Neuroentertainment
Current technologies (such as video games) will merge with future ones (such as those involving neural feedback), so gamers might wear EEG-type caps that read their brainwaves and pick up their emotions. Conceivably, story lines would move forward in real time, the plot changing based on each person’s responses, says Zack Lynch, managing director of NeuroInsights, a market research and investment advisory firm.

Neuroeducation
The more we understand the neurobiology of learning—how the mind develops, what to make of differences between individual brains—the better we can “sculpt” teaching methods. Lynch predicts that educational software will be tailored to students’ individual brain patterns to improve math and language acquisition as well as creative thinking.

Neurofitness
Drugs and devices that stimulate the brain to augment our performance and mobility (so that we can run farther and faster, for example) will someday help everyone from Olympians to paraplegics, according to Illes.

Neurospirituality
New tools such as real-time fMRI technology, Lynch says, promise to accelerate our capacity to access deeply meditative and spiritual states.

 

The Christian mystic in a nutshell…great post!

PrayerPunk

I write this today because it find that most people in modern mainstream America think that it is something out of Harry Potter.  A mystic is not a magician or practitioner of the occult.  Put simply a mystic is someone who thinks they can have a revelation directly from God, that God can, and does, speak to them personally.  Every religion has them, including Christianity.

Most people believe what they believe because they were taught it either from a church, their parents, or whoever.  They hopefully have then studied, put some thought into it, and prayed about it.  Some don’t put out that much effort and simply don’t want to be disobedient, so they buy the party line.  Either way, this is not the mystical approach.

Mystical Christianity can also be called experiential Christianity.  A mystic believes what they do based on an actual encounter with the divine.  They have…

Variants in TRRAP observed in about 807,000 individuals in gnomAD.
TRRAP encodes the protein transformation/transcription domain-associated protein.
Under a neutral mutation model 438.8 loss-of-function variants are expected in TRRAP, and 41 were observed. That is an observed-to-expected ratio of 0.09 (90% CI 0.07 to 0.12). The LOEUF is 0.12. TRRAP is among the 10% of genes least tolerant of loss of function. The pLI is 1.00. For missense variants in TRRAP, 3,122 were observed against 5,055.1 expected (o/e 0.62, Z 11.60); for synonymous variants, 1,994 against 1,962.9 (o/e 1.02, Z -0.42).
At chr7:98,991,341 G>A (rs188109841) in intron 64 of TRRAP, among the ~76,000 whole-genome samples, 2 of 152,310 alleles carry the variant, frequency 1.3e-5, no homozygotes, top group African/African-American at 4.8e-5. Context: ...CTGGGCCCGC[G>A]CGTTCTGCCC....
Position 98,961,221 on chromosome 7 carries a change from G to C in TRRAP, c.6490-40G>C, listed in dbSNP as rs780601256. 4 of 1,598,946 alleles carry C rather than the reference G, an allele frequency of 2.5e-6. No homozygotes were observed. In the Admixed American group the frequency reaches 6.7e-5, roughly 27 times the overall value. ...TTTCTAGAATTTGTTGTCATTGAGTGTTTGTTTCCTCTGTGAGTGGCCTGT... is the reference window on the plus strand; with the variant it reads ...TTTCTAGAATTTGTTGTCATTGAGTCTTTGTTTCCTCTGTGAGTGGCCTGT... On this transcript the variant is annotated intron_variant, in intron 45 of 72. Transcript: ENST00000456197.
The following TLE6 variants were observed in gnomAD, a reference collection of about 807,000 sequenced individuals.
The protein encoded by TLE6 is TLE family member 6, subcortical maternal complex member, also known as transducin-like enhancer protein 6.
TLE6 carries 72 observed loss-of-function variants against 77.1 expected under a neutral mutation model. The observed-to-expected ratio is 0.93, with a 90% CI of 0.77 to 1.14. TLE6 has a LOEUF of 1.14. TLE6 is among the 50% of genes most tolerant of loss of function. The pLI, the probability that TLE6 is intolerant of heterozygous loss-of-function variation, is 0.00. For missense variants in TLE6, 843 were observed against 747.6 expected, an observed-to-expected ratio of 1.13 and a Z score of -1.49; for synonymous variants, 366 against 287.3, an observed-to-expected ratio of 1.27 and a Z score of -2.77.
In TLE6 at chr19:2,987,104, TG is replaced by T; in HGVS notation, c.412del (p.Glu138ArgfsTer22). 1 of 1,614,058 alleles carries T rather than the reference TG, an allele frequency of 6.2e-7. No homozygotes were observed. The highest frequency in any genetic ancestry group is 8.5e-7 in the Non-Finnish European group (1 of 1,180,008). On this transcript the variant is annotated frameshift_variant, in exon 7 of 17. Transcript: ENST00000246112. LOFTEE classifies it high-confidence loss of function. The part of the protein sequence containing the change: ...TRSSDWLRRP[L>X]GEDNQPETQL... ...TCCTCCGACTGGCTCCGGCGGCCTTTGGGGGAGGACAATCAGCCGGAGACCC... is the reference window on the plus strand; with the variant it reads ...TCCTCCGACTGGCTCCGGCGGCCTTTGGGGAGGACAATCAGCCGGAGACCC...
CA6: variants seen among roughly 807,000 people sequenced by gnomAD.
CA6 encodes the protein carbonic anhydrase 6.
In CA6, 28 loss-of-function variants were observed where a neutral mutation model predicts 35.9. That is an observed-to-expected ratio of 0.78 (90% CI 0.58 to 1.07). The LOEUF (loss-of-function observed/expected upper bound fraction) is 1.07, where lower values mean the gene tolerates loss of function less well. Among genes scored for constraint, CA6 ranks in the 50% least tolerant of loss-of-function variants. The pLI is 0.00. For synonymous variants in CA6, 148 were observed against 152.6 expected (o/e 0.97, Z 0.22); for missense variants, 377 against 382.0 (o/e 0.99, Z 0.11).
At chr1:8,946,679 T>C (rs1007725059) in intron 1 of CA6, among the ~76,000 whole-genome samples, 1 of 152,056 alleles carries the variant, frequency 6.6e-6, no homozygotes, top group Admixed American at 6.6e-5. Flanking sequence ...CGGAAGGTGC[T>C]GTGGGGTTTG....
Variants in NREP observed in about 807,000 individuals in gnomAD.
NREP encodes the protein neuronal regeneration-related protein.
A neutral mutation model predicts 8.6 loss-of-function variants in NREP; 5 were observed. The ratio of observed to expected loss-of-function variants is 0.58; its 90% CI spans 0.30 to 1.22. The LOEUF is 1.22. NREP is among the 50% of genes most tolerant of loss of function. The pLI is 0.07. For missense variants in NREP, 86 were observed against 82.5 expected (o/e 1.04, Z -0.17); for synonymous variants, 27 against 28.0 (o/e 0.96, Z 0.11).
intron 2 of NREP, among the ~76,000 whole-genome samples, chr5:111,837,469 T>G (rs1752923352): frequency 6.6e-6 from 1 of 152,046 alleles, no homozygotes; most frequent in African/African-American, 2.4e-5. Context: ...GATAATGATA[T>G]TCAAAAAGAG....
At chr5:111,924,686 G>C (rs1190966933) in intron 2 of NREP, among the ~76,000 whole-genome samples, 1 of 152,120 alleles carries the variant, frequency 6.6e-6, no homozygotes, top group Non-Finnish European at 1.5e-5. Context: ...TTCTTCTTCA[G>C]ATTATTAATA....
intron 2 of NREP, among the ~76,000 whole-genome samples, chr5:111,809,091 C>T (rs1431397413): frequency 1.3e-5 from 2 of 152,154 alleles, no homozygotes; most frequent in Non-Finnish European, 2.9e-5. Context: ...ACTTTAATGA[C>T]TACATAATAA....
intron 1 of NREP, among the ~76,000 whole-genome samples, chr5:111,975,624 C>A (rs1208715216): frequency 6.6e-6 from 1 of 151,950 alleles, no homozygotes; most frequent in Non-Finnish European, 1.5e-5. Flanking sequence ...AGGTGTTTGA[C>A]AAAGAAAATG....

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Documentaries on Everything

I don’t know if this is common knowledge, but I’m as psyched as if I’d struck gold….what I’ve found is a site with reams of documentaries on all kinds of topics. So, I’ll list a few that are relevant to this blog:

Religion and Spirituality

The History of Angels

The Tibetan Book of the Dead: A Way of Life

Mysteries of the Bible

The Story of God

Psychology

Pleasure and Pain

Human Instinct

The Secret You – on human awareness

Brain Story

Somewhere in Between

Mystical Brain

Life After Life

Secrets of the Psychics

Mind you, (I just realized that) there are entire sections on Psychology, Philosophy, Religion, Science and Health on the site itself…so, enjoy…you know what I’ll be doing over the next while…:D

Everything Matters: Beyond Meds

Yes, slowly but surely there begins a recognition that what gets called mental illness cannot be explained with the bio-medical model.

From The Wilson Quarterly an article well worth reading with the recent history of how that which is called mental illness is considered in society and how that is changing since the psychopharmacological era has clearly failed:

In the 1990s, scientists declared that schizophrenia and other psychiatric illnesses were pure brain disorders that would eventually yield to drugs. Now they are recognizing that social factors are among the causes, and must be part of the cure. (read it here)

We are in the midst of a revolution in how those labeled with mental illness are understood and cared for. Many will remain stuck in the bio-medical model but the fact is the tide keeps turning and it’s wonderful to watch it happen. More and more people are…